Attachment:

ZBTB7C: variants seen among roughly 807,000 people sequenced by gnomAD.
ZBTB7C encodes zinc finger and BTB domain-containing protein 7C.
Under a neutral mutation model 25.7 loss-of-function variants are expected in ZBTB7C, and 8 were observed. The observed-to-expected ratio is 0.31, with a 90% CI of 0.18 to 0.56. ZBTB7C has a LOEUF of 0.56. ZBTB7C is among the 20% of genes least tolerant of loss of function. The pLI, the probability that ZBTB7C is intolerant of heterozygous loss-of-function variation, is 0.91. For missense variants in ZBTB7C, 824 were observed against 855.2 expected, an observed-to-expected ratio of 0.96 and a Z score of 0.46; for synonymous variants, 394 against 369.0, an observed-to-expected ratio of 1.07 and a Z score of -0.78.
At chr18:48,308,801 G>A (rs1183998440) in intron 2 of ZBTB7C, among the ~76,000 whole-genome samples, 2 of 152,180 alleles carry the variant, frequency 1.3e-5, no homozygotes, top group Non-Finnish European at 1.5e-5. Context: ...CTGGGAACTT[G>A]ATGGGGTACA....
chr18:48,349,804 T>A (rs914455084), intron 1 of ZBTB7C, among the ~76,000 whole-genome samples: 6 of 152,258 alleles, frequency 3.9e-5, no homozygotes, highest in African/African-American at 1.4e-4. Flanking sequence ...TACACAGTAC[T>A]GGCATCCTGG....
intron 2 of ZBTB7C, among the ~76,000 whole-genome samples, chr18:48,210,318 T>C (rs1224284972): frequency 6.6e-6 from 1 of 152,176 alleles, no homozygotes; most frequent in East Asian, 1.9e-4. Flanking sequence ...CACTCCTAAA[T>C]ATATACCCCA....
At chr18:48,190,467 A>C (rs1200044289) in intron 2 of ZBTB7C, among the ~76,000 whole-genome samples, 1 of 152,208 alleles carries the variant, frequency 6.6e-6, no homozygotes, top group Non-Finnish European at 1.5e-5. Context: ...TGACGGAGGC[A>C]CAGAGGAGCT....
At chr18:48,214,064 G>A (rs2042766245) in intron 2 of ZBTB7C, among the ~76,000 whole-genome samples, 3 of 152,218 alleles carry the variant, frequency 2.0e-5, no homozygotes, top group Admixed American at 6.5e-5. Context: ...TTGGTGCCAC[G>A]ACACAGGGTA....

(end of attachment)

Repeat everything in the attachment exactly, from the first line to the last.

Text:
ZBTB7C: variants seen among roughly 807,000 people sequenced by gnomAD.
ZBTB7C encodes zinc finger and BTB domain-containing protein 7C.
Under a neutral mutation model 25.7 loss-of-function variants are expected in ZBTB7C, and 8 were observed. The observed-to-expected ratio is 0.31, with a 90% CI of 0.18 to 0.56. ZBTB7C has a LOEUF of 0.56. ZBTB7C is among the 20% of genes least tolerant of loss of function. The pLI, the probability that ZBTB7C is intolerant of heterozygous loss-of-function variation, is 0.91. For missense variants in ZBTB7C, 824 were observed against 855.2 expected, an observed-to-expected ratio of 0.96 and a Z score of 0.46; for synonymous variants, 394 against 369.0, an observed-to-expected ratio of 1.07 and a Z score of -0.78.
At chr18:48,308,801 G>A (rs1183998440) in intron 2 of ZBTB7C, among the ~76,000 whole-genome samples, 2 of 152,180 alleles carry the variant, frequency 1.3e-5, no homozygotes, top group Non-Finnish European at 1.5e-5. Context: ...CTGGGAACTT[G>A]ATGGGGTACA....
chr18:48,349,804 T>A (rs914455084), intron 1 of ZBTB7C, among the ~76,000 whole-genome samples: 6 of 152,258 alleles, frequency 3.9e-5, no homozygotes, highest in African/African-American at 1.4e-4. Flanking sequence ...TACACAGTAC[T>A]GGCATCCTGG....
intron 2 of ZBTB7C, among the ~76,000 whole-genome samples, chr18:48,210,318 T>C (rs1224284972): frequency 6.6e-6 from 1 of 152,176 alleles, no homozygotes; most frequent in East Asian, 1.9e-4. Flanking sequence ...CACTCCTAAA[T>C]ATATACCCCA....
At chr18:48,190,467 A>C (rs1200044289) in intron 2 of ZBTB7C, among the ~76,000 whole-genome samples, 1 of 152,208 alleles carries the variant, frequency 6.6e-6, no homozygotes, top group Non-Finnish European at 1.5e-5. Context: ...TGACGGAGGC[A>C]CAGAGGAGCT....
At chr18:48,214,064 G>A (rs2042766245) in intron 2 of ZBTB7C, among the ~76,000 whole-genome samples, 3 of 152,218 alleles carry the variant, frequency 2.0e-5, no homozygotes, top group Admixed American at 6.5e-5. Context: ...TTGGTGCCAC[G>A]ACACAGGGTA....